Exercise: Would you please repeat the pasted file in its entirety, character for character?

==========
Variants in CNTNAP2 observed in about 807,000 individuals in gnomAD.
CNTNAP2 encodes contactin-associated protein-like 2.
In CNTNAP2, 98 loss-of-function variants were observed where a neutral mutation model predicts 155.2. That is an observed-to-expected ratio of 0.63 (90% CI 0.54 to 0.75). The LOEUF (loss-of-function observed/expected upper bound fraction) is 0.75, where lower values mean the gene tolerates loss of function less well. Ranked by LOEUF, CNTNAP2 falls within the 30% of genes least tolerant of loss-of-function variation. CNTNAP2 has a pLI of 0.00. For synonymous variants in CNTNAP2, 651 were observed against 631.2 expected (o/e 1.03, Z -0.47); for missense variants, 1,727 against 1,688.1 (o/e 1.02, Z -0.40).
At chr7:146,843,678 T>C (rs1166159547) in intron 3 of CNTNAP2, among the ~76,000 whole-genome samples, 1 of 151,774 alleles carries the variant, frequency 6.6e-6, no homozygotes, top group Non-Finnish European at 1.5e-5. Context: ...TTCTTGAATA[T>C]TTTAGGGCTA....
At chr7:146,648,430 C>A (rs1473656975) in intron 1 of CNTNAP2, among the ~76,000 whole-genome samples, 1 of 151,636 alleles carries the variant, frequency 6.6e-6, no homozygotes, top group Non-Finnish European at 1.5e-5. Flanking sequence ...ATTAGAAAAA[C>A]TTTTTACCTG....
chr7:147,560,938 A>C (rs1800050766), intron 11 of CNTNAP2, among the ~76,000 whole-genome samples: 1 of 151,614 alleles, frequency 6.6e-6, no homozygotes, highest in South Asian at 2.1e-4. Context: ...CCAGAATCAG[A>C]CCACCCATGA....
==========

Variants in CNTNAP2 observed in about 807,000 individuals in gnomAD.
CNTNAP2 encodes contactin-associated protein-like 2.
In CNTNAP2, 98 loss-of-function variants were observed where a neutral mutation model predicts 155.2. That is an observed-to-expected ratio of 0.63 (90% CI 0.54 to 0.75). The LOEUF (loss-of-function observed/expected upper bound fraction) is 0.75, where lower values mean the gene tolerates loss of function less well. Ranked by LOEUF, CNTNAP2 falls within the 30% of genes least tolerant of loss-of-function variation. CNTNAP2 has a pLI of 0.00. For synonymous variants in CNTNAP2, 651 were observed against 631.2 expected (o/e 1.03, Z -0.47); for missense variants, 1,727 against 1,688.1 (o/e 1.02, Z -0.40).
At chr7:146,843,678 T>C (rs1166159547) in intron 3 of CNTNAP2, among the ~76,000 whole-genome samples, 1 of 151,774 alleles carries the variant, frequency 6.6e-6, no homozygotes, top group Non-Finnish European at 1.5e-5. Context: ...TTCTTGAATA[T>C]TTTAGGGCTA....
At chr7:146,648,430 C>A (rs1473656975) in intron 1 of CNTNAP2, among the ~76,000 whole-genome samples, 1 of 151,636 alleles carries the variant, frequency 6.6e-6, no homozygotes, top group Non-Finnish European at 1.5e-5. Flanking sequence ...ATTAGAAAAA[C>A]TTTTTACCTG....
chr7:147,560,938 A>C (rs1800050766), intron 11 of CNTNAP2, among the ~76,000 whole-genome samples: 1 of 151,614 alleles, frequency 6.6e-6, no homozygotes, highest in South Asian at 2.1e-4. Context: ...CCAGAATCAG[A>C]CCACCCATGA....